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What Your Website Can Learn from a Resume

Your business needs a resume.

. . . 

Now, before you run off and start putting together the “typical” resume you think of when trying to apply for a job, let me stop you. It’s not the typical resume. 

In fact, typically, your website will be your resume. But unfortunately, most business’s websites today are like a really bad resume.

You know the type.

Oftentimes, a business’s website is actually hurting them rather than helping.

I mean, if you would gawk in disbelief at a messy, disorganized, WordArt-using resume from an interviewee, how can you be okay with your website being that equivalent to your customers?

Just think about that.

The good thing is, just like your website should be your resume, your website can learn a lot from a resume too!

People going into an interview need a resume that is clean, up-to-date, easy to find information the interviewer is looking for, etc. And it’s the same thing with your website!

Your company is putting its “resume” out there for potential customers to look at and choose to work with.

So, let’s get into what your website can learn from a {good} resume. 

Up to Date

Your website should be up to date and show off the best version of your brand—that entails updating your site every few years.

Just like you have to update a resume every few years to include your new jobs, projects, skills, roles, accomplishments, etc. in order to provide the best possible, up to date view of you as an employee.

Now, this doesn’t mean you have to have a brand-new website every few years, but you should at least make sure it’s up to date. Especially if there are big changes in your business such as offerings, people, brand image, etc.

Easy to Navigate

This one is KEY. If your website is not easy to navigate—aka find the information someone is looking for—they will straight up leave

This doesn’t mean to put all your information right at the top of the page so that the visitor doesn’t have to search or move around the site. Just think of how cramped and chaotic that would be!

Likewise, on a good resume, you don’t put every ounce of information right at the top. However, everything is neatly laid out with headlines, sections, bullets, etc. Things are easy to read and easy to navigate down the page. 

So, on your website, make sure that pages are easily identified and that on each page, the information is readable and easy to find.

Your Offering 

Your offering is the value you are providing your client/customer – so you want that to be front and center on your website! Whether or not that’s literally “front and center”. You need to make the value you are providing known to the visitor of your website.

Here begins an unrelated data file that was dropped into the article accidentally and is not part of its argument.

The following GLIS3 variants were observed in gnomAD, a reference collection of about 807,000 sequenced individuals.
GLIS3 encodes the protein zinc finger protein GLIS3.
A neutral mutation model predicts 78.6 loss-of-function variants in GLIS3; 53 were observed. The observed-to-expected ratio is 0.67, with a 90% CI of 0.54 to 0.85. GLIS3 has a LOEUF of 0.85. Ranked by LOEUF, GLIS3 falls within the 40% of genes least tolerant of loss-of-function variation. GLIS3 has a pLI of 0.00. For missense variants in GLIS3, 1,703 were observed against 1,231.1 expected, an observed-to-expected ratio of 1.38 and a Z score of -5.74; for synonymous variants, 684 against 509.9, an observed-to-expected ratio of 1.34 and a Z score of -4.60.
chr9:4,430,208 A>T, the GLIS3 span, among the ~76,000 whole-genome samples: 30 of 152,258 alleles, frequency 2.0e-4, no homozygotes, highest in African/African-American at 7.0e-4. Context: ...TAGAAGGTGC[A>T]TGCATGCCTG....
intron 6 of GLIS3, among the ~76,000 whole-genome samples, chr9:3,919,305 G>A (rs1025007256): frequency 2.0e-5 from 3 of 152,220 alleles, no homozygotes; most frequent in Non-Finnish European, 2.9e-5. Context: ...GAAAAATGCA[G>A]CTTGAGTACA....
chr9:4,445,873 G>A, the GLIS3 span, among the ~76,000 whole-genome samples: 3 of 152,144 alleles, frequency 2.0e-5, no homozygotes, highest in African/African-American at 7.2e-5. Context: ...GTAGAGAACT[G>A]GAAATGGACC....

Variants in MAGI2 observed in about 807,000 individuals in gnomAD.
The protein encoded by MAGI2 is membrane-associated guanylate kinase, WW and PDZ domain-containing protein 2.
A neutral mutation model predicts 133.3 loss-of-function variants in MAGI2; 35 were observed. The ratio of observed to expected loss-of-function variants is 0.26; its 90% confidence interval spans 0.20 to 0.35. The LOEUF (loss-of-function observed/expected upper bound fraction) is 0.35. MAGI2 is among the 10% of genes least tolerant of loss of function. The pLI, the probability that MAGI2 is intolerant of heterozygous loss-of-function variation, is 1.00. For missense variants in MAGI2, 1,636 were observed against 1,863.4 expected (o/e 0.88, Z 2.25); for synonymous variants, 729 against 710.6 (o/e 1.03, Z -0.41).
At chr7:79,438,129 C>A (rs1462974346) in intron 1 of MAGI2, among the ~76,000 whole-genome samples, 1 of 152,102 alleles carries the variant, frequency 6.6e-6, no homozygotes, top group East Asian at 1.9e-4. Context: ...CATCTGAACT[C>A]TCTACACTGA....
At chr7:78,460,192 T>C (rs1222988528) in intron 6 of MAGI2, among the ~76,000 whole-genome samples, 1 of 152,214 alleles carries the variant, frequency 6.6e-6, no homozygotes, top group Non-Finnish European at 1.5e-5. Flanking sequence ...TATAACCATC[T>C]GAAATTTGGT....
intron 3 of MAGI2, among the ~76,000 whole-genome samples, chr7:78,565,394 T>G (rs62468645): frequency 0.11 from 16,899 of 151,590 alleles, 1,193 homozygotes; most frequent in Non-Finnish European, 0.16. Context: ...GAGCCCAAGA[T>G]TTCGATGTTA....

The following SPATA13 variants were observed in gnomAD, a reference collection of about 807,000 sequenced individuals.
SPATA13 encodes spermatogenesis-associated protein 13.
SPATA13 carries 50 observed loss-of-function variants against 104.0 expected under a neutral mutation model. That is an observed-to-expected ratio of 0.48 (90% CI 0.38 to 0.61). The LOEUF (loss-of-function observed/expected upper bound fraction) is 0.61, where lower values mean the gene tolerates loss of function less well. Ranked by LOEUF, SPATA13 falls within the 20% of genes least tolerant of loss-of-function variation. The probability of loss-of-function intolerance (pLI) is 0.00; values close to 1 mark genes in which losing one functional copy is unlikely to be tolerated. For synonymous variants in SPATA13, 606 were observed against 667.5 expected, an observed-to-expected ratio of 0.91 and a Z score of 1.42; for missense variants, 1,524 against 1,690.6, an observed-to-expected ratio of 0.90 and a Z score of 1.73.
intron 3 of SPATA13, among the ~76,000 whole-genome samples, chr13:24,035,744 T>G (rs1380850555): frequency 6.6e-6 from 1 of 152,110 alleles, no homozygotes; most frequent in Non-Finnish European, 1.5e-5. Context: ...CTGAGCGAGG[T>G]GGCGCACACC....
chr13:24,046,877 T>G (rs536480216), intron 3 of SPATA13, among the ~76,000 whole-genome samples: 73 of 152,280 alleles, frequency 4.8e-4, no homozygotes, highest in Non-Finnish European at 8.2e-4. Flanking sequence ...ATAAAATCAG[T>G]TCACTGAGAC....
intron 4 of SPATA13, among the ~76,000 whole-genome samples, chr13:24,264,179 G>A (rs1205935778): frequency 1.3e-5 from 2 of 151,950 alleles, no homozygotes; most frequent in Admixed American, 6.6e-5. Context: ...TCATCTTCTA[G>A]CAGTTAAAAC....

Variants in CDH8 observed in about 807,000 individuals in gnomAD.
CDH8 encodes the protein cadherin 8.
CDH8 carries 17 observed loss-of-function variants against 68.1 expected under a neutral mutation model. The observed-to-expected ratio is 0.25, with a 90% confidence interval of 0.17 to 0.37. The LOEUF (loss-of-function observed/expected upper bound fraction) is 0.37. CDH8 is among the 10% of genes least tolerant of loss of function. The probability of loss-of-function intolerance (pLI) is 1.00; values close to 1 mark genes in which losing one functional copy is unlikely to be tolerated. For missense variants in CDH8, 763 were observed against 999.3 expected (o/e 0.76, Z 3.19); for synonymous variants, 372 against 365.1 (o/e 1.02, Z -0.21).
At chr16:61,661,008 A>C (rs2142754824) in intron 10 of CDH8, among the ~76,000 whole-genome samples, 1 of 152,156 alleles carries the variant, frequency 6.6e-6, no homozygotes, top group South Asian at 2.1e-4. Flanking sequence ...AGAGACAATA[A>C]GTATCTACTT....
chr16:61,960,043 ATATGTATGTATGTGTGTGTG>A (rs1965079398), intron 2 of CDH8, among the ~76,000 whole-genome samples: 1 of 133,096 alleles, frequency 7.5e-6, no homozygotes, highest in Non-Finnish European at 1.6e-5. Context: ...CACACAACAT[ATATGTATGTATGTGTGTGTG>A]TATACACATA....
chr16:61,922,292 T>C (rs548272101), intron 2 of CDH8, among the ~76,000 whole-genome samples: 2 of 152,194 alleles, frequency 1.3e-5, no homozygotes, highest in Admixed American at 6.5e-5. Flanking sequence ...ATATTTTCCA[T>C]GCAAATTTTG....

People visiting your site want to know right off the bat, what product/service you offer. Even if your business name makes it seem rather obvious. 

For example, when you look at a resume, you want to see what the candidate is offering—degree, skill level, etc.—even if you can assume pretty well based on the role they applied for. 

Your customers want to be able to look at your website and get a good gist of exactly what your product or service is and does.

Past Projects

I’ll admit, this one is a bit more important for any service businesses rather than product businesses. However, no matter what, there is still a good takeaway here. 

On a resume, past projects are intended to show the skills, degree, knowledge, and experience of the person in action. This, in a way, can help the interviewer trust the interviewee.

Likewise, having past projects or past clients you’ve helped, gives current visitors a way to trust the words and brand image your website projects. It shows how your business put its knowledge, experience, and expertise into action successfully. 

However, just like in a resume you don’t list every single project you’ve ever done, it’s the same with your website. Pick the top few that really highlight the kind of work and quality your business offers. This will give potential prospects a better idea of what you offer.

References

This one is important regardless of if you sell products or services. That is: Testimonials (aka references).

While references aren’t often required on a resume, they can be a nice touch. It can also provide an extra level of trust. Because often references are used to get a feel of the character of a person or ensure that information on the resume is accurate.

If you have testimonials on your website, it’s that extra touch that adds more value to visitors to your site. Plus, they feel like they can trust you before having to commit to you—which is extremely valuable in today’s world.  

So, hopefully you gathered a helpful hint or two about what your website can learn from a resume. It’s important to remember that your business is putting out its resume to attract and gather clients/customers, so you want to put your best foot forward.

Ensuring that your website is up to date, easy to navigate, clearly states your offering, and includes past projects and references (testimonials) is a great start!

If you need any help putting this into practice or updating your website, reach out and we’d be happy to help!

 

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